A law passed by Congress to give whistleblowers up to 30 percent of taxes recouped from corporate tax dodgers has been hampered by delays and red tape. An audit by the Government Accountability Office also found that corporations under investigation for tax fraud can invoke rights that add years to the process, The Washington Post’s blog the Federal Eye reported
The program was championed by Sen. Charles Grassley, R-Iowa, and was designed to go after fraud of at least $2 million. Since the law was passed, the IRS has received tips on more than 9,500 taxpayers from 1,400 whistleblowers. Some 1,300 claims have been rejected, the Post reported.
“Silence between the IRS and the whistleblowers only helps the tax cheats,” Grassley said in a statement according to the Post. “I’m concerned that the IRS management still might have too many opportunities to say ‘no’ to a whistleblower, even when the whistleblower office believes a claim has merit.”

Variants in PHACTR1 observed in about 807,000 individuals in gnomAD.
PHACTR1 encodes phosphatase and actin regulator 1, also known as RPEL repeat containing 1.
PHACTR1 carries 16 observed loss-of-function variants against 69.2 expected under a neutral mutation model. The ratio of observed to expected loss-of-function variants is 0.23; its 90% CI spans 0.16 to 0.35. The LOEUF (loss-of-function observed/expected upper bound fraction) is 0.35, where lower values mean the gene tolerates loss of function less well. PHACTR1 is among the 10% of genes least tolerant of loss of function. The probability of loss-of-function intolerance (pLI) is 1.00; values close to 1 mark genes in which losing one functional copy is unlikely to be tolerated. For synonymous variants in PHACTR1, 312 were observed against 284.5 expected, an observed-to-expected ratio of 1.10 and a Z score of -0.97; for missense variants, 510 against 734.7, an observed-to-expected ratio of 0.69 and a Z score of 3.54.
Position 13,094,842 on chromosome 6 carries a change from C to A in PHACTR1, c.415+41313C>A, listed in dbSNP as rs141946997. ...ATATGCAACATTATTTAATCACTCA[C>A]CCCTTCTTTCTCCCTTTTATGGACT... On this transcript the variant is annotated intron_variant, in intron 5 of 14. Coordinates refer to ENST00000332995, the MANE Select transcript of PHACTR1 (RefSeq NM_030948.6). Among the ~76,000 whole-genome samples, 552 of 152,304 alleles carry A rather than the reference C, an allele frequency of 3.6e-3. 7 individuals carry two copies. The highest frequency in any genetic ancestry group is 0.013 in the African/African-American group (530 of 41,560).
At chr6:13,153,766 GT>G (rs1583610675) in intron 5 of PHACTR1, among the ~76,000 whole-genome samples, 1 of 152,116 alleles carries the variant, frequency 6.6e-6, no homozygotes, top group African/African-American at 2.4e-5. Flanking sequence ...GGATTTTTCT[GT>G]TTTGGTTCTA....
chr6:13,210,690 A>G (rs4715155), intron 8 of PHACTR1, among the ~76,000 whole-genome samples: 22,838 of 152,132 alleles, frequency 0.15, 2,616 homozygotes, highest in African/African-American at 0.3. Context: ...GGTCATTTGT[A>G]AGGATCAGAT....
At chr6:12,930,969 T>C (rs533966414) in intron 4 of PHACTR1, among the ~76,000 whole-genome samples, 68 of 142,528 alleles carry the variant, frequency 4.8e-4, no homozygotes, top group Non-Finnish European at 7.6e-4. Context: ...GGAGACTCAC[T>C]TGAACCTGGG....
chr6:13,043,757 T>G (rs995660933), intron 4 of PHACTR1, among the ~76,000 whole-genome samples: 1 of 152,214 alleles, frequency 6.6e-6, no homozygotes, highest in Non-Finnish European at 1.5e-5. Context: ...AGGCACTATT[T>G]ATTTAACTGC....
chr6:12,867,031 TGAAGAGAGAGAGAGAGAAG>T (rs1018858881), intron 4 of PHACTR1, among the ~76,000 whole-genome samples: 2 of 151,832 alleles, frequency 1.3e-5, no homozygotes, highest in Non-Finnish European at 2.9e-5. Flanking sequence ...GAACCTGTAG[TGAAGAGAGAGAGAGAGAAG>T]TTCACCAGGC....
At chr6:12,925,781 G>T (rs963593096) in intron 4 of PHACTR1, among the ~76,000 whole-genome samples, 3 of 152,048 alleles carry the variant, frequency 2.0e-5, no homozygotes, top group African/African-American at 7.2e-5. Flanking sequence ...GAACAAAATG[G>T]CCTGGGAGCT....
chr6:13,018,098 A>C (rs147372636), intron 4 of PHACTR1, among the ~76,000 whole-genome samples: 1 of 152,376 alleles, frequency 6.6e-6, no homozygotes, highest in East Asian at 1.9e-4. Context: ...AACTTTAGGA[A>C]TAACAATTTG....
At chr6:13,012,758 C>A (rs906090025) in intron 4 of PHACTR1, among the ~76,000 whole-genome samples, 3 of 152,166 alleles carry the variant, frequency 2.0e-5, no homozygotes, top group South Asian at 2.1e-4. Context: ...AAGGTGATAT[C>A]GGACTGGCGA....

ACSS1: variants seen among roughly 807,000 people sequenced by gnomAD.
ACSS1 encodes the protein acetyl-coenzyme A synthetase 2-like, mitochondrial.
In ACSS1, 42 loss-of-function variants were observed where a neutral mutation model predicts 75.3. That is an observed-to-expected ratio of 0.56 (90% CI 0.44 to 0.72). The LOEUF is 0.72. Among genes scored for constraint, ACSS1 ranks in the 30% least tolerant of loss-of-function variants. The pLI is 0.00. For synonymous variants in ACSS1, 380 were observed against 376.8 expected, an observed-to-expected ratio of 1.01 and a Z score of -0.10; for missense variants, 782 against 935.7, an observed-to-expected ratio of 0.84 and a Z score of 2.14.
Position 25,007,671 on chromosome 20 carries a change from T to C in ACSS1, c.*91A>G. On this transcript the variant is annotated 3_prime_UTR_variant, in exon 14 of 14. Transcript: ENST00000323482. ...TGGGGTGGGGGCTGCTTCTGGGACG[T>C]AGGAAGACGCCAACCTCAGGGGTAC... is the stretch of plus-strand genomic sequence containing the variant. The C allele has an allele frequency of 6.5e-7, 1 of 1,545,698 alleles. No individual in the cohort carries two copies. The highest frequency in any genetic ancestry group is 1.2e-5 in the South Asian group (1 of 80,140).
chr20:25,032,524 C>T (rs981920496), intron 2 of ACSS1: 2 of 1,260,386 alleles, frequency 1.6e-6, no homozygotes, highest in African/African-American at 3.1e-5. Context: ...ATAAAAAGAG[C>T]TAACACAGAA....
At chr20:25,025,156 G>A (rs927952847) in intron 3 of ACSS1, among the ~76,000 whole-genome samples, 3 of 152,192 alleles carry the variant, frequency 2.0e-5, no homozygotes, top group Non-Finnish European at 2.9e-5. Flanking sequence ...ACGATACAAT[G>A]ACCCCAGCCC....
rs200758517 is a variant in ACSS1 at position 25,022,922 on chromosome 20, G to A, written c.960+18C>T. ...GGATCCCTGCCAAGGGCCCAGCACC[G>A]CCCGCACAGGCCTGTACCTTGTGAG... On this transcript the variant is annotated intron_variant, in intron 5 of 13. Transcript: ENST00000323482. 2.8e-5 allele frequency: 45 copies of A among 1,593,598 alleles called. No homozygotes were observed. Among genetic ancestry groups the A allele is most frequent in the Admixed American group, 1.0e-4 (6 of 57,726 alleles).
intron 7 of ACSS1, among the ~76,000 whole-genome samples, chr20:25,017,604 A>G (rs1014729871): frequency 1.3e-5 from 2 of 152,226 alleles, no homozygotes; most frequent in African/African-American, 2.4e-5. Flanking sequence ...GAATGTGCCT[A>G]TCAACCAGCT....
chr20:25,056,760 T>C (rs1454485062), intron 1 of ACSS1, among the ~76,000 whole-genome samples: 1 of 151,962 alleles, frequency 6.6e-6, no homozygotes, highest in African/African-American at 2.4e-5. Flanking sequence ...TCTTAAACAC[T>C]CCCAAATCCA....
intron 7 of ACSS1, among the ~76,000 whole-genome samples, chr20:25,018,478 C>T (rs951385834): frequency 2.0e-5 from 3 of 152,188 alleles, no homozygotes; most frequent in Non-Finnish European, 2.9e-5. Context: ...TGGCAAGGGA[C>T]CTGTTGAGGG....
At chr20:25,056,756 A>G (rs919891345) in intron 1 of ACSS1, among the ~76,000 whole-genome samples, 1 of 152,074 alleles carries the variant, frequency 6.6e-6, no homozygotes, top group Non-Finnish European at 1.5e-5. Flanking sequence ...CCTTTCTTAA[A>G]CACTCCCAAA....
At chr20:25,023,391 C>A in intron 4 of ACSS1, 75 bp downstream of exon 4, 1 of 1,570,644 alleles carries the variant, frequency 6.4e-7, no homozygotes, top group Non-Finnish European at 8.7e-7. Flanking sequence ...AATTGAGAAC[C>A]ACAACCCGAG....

The GAO reported that whistleblower claims take years to go through the tax agency’s review and award process. Rejection letters the IRS sends to whistleblowers do not state why their requests for awards were denied. The National Whistleblowers Center’s Dean Zerbe said, “The IRS will do a better job of going after tax cheats if good whistleblower claims are given open and full consideration — and not subject to a rubber stamp denial,” the Post reported.
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